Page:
MANHATTAN — It’s a little jolt of nostalgia.
A nonprofit organization wants to replace the city's horse-drawn carriages with a vintage-looking car that runs entirely on electricity — unveiling a model Friday of the antique-style ride in Midtown.
New Yorkers for Clean, Livable and Safe Streets said the 1909-era car would be more eco-friendly and cost-efficient than the current horse-drawn coaches that shuttle tourists and others around Central Park and other areas of the city.
“By incorporating 21st-century technology and 19th-century nostalgia, this eco-friendly car will create vast improvement in the industry,” said Steve Nislick, co-founder of NYCLASS, during the event at the Hippodrome on Sixth Avenue and 43rd Street.
The $170,000 car would top out at about 35 mph, have a removable roof and accomodate seven people plus the driver.
Despite the price tag, Nislick believed maintaining a fleet of 68 of the vehicles would be less expensive than “keeping 200 horses in the city and maintaining all the stables.”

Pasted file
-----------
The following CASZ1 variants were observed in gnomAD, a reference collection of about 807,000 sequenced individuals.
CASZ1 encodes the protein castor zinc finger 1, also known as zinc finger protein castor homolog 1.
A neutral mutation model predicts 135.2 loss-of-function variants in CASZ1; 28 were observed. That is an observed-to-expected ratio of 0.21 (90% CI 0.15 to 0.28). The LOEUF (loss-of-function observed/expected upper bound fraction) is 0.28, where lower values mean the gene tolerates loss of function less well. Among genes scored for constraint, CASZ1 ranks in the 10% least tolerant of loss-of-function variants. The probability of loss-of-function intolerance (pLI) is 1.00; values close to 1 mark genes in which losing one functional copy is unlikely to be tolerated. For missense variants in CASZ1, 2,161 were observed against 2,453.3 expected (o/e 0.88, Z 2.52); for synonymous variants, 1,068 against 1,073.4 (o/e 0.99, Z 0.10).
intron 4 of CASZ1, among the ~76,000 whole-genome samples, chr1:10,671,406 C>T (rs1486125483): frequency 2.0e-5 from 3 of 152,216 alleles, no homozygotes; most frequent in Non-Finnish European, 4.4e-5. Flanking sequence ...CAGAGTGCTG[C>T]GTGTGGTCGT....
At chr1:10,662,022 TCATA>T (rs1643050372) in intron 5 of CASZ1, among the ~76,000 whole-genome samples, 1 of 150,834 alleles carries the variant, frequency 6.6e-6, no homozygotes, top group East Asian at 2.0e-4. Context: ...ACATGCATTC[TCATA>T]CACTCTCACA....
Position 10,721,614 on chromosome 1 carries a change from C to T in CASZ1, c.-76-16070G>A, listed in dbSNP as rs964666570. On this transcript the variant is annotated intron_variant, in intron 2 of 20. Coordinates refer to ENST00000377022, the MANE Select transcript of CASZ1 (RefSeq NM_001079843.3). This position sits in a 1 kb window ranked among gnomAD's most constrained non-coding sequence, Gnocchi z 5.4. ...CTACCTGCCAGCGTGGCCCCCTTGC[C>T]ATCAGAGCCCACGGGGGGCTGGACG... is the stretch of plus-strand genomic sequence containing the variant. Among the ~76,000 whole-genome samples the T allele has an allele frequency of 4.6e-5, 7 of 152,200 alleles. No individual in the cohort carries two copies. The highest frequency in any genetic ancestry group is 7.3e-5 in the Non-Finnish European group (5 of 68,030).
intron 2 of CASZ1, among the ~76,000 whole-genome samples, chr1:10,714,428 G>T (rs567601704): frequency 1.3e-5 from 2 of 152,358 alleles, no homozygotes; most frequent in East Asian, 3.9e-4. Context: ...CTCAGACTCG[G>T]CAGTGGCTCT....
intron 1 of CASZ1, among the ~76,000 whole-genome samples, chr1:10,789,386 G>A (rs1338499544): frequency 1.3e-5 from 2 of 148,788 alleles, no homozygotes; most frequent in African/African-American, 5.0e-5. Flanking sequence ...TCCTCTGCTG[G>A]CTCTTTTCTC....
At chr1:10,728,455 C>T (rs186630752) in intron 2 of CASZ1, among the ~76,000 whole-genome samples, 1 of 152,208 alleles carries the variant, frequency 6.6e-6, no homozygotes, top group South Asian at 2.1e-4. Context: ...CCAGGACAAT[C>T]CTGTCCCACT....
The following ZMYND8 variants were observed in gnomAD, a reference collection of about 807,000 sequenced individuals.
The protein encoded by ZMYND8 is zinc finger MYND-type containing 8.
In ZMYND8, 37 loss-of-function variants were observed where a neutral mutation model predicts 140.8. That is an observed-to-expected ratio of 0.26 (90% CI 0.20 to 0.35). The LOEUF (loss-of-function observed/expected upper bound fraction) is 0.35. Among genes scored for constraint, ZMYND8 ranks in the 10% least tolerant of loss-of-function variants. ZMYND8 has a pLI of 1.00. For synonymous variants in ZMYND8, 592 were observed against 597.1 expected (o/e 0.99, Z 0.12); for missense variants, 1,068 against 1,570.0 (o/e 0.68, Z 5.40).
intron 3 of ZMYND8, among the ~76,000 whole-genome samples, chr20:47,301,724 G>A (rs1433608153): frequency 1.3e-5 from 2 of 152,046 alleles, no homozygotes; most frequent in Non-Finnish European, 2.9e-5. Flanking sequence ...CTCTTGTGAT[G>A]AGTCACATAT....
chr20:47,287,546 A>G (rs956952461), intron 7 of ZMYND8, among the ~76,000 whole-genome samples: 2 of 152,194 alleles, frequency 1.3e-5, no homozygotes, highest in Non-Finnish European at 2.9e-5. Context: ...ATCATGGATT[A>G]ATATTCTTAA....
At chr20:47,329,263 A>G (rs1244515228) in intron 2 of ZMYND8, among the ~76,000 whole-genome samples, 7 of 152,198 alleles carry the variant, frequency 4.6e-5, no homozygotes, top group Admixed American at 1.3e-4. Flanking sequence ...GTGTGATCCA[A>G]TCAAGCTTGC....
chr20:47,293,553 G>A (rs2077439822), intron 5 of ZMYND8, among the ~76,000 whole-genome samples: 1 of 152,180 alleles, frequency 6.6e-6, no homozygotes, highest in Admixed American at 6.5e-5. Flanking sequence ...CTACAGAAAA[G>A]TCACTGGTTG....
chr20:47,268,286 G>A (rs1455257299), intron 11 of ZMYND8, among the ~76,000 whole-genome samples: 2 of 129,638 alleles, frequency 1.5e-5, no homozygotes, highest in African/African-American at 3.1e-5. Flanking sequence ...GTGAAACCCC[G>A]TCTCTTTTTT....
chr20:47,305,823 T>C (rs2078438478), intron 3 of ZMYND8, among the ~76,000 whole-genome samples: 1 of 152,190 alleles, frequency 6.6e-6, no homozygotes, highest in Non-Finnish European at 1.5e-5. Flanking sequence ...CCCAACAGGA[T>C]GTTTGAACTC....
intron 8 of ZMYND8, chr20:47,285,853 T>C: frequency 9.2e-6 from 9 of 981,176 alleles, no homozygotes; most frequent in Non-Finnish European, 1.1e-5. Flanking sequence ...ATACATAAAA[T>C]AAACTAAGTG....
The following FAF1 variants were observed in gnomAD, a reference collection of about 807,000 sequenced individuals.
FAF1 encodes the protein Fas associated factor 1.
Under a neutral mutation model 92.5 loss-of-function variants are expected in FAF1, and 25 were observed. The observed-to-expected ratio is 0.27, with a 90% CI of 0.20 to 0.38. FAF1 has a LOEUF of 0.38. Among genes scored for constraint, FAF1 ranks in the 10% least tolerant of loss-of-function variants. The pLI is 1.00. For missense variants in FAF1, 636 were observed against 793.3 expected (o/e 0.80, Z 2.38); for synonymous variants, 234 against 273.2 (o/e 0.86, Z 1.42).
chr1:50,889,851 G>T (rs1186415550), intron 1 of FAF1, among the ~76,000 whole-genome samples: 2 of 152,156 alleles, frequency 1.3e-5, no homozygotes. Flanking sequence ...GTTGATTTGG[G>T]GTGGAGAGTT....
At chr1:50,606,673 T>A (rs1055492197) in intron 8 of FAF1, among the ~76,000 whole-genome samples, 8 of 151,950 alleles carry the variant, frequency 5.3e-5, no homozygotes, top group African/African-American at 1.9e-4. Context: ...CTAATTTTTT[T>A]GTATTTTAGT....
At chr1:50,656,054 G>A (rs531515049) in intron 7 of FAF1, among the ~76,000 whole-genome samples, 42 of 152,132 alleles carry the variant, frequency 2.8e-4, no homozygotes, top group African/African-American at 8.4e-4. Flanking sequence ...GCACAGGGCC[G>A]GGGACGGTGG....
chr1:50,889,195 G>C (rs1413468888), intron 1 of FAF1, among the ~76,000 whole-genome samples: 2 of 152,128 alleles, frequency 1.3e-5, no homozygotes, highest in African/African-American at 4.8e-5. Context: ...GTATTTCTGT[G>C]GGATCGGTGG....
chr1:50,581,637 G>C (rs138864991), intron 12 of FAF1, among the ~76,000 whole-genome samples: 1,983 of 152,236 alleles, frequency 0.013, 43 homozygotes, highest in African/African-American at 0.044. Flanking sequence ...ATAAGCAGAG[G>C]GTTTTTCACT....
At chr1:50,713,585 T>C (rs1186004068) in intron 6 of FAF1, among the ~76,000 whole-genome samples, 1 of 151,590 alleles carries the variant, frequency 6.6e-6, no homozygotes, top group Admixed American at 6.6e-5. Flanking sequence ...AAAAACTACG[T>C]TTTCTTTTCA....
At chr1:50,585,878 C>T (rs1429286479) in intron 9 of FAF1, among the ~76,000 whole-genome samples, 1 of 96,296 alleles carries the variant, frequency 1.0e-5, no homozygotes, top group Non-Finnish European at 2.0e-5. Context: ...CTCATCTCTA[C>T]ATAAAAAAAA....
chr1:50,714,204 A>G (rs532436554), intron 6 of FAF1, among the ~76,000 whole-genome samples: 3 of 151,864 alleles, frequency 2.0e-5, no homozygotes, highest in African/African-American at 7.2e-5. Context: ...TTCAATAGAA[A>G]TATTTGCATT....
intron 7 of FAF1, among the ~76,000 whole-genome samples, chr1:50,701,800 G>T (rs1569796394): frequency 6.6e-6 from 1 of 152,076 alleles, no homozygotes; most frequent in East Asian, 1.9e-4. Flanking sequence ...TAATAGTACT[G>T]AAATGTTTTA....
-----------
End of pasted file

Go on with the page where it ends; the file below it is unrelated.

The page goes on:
Car maker Jason Wenig of the Creative Workshop said he hopes to have a prototype up and running within a year.
“My goal is to inspire both New Yorkers and visitors alike with the elegance and nostalgia of yesterday,” he said.
“Anything a person might experience with a horse-drawn carriage, we have it,” Wenig said.
The project, which has been in development for almost three years, was done in conjunction with American Society for the Prevention of Cruelty to Animals.
Melissa Norden, the ASPCA’s chief of staff, said the new car would prevent the physical abuse that horses are subjected to while working on the city streets.
"The current environment in New York City is not conducive to have horses,” she said.
The horse carriage industry is adamantly opposed to the plan, and have clashed with NYCLASS organizers who have been canvassing in Central Park.
"You're going to replace me with cars?" Frank Rodden, a horse driver for 24 years, said to a NYCLASS organizer in March. "You're not going to replace anyone around here."
He disputed allegations of animal cruelty and offered his shiny-coated horse, Jethro, as an example.